That’s advertisement, a dip so hot you need to warn THE NEIGHBORHOOD about it. How can other restaurants even compete with that?

Restaurant: Our sauce is hot.
Customer: Does it require a three-hour blockade, HAZMAT team, fire brigade and notifying the neighborhood every time you make it?
Restaurant: No.
Customer: Then it can’t be that hot.

I’m sure once their front door is fixed, the 17-year-old restaurant will sell out of this particular dip (which they make only once a year) very quickly.

Now, I’m not going to recommend this sort of marketing (accidental as it were)—public mayhem and cloud of scary smoke—but you get the idea. Sometimes you have to think big. And I’m not talking a giant gorilla on the roof of your car dealership big. Honey, look, a giant crazed gorilla. We should buy a car there. I mean outside-the-box big.
Remember the whole cartoon network Boston terrorism scandal from this past winter?
That brought national media attention to a crudely animated 15-minute television show on Adult Swim, a Cartoon Network brand that airs only 45 hours of television per week (there are 168 hours in a week). And the Aqua Teen Hunger Force movie—the Cartoon Network show and movie that feature the characters shown in the Boston LED displays—doubled its estimated $1.5 million budget on opening weekend this April.

Now the negatives. Turner Broadcasting, Cartoon Network’s parent company (a division of Time Warner), was not fined, but they offered to pay $2 million in restitution to the city of Boston, and the incident cost the head of Cartoon Network his job. Also, this campaign was carried out in 10 U.S. cities, but Boston was the only place where it grabbed any attention. However, after the Boston scare, people across the country began searching for these devices, and saved them as collector’s items or sold them on eBay for as much as $5000. Nevertheless, in 9 out of 10 cities, the advertising may have gone for naught.

Still, you can’t buy advertising like that. And $2 million is nothing for a company as large as Time Warner. Warner Bros. probably spent 10 times that marketing Harry Potter and the Order of the Phoenix.

Now, I’m not saying you should create some sort of bombing hoax. Sarin gas will never help your business! I repeat, “DO NOT ORGANIZE A BOMB HOAX TO ADVERTISE.” I’ve gone on the record many times with that advice. NO BOMBS!
Why? 1) That’s a stupid question. 2) $2 million is a lot of money. Can your company afford a $2 million hit in the wallet? 3) It only cost Turner $2 million and some bad press. Thai Cottage (although their “advertisement” was not planned) suffered a broken front door and loss of business for an afternoon. Heaven forbid there was a riot or someone further misunderstood the situation or that maybe one of Cartoon Network’s ad gorillas took things a little too far.
The point is, they thought bigger (or as in the case of Thai Cottage, were blessed with an interesting accident). They went outside the box. Granted, once you go outside the box, suddenly everyone copies you, and pulls the box back around you. But people remember the companies who did it first and the companies who did it best. Whether you’re an edgy, relatively new product like Adult Swim, or a product that’s been around for decades like Budweiser, Geico or Travelers Insurance, you have to be willing to buck the trend and try something different. The problem with trying something different is it’s scary. Because if it doesn’t work, you’ve spent all that money and are right back where you started. But if it does work, you may bring your brand or product to an entirely new audience, make tons of money for your company, and look like a genius in the process.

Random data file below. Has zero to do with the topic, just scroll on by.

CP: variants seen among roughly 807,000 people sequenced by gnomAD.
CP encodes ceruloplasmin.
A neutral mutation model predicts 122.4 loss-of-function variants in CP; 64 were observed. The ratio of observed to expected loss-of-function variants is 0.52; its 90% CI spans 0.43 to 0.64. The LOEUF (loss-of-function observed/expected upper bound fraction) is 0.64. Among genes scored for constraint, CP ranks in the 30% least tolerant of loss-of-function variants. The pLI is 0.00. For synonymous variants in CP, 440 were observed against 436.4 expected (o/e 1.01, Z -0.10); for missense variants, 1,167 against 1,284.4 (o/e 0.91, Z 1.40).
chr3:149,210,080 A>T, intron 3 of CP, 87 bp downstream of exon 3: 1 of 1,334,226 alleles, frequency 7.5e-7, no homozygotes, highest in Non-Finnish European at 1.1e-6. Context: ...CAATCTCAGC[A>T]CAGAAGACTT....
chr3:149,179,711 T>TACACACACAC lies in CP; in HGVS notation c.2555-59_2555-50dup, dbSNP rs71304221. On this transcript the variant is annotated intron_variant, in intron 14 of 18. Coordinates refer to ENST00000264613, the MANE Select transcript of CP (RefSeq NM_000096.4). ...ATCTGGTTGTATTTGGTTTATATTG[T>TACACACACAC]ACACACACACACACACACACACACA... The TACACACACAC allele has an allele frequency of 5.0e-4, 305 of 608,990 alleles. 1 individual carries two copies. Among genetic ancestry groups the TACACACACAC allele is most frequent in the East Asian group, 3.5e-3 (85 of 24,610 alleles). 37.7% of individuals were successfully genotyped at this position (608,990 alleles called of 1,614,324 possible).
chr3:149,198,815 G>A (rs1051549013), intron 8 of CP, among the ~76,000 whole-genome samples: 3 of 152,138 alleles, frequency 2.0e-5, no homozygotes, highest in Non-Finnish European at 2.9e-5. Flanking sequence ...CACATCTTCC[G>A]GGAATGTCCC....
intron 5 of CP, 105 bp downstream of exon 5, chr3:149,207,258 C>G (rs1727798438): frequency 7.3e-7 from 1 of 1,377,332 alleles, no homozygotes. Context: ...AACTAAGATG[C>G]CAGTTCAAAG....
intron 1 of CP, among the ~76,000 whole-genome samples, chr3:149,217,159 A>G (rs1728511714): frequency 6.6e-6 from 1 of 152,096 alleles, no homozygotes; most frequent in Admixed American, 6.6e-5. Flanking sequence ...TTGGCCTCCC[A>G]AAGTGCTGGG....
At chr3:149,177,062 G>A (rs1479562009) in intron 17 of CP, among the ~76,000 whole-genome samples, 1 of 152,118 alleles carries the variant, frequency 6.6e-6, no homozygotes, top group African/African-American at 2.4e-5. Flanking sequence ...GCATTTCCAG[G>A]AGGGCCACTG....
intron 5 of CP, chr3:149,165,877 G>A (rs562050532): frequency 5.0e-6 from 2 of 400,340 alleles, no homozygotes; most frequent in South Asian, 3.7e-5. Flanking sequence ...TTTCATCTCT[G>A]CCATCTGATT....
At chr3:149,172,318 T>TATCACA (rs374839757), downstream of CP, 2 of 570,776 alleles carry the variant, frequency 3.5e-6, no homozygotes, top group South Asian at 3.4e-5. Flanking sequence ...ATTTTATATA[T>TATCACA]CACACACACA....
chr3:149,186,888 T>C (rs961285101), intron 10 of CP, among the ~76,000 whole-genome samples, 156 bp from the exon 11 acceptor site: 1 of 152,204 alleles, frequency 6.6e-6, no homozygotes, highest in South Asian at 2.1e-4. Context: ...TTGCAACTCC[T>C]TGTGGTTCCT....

In the changing marketplace and in the world, those who adapt, succeed. Those who remain stagnant, die. So you can take a risk and possibly fail or do nothing and die. Hmmm. Risk sounds good.
-Captain Awesome, Project Specialist

That’s Advertisement!SocialTwist Tell-a-Friend

24 September, 2007

Ecko Rocks the Vote, or Why I'm a Genius.

OK, for the regular readers of this blog (thanks, Mom and Dad!), you may remember my post discussing how to get the maximum marketing mileage out of Barry Bond's homerun ball. Kudos to Marc Ecko for taking my advice (or the advice of someone who shamelessly stole my advice and passed it off as their own) by putting the fate of the ball up for a vote by the masses. Well played, my friend. Well played.

For the record though, I come to not to praise Marc Ecko--only to analyze his approach. So, how's the campaign stack up?

Originality: Grade B+

It’s the best idea ever stolen from me. Consumer voting has been used before, but usually it's been more closely associated with a product (e.g. choose a new color for M&Ms, pick your favorite Doritos commercial). In this situation, he's using it as a brand builder. Ecko, the fashion maverick that he is, understands his demographic. His clothes have always been for The People. Now, his brand is of The People; by providing us everyday folks with the chance to weigh in on an emotionally/historically charged topic, he’s telling us we matter. Yes! Us, 1. Not Mattering 0.

Creativity: Grade B+All right, burning the asterisk into the ball is pretty hardcore. I dig the irony. And sending it to the Hall of Fame is a classy option. But shooting it into space? (Cue cliché 80’s high-school movie slow-clap, building to enthusiastic applause.) Bravo. Granted, I’d still like to see the ball shredded in a wood chipper and mailed to Barry Bonds, COD. Ecko does however miss a prime opportunity to further blend his brand with the fate of the ball. Perhaps pull it apart, make something wearable out of it, then auction it off and donate the proceeds to whales with cancer or, better yet, me.

Impact: Grade A-
At the time of this writing, the vote tally was just shy of ten million. Not bad considering this campaign has existed almost exclusively in forwarded links, word-of-mouth, widgets for people to include on their own sites, and a few national TV interviews. Extra points for the frugality of execution (even including the bazillion dollars he paid for the ball).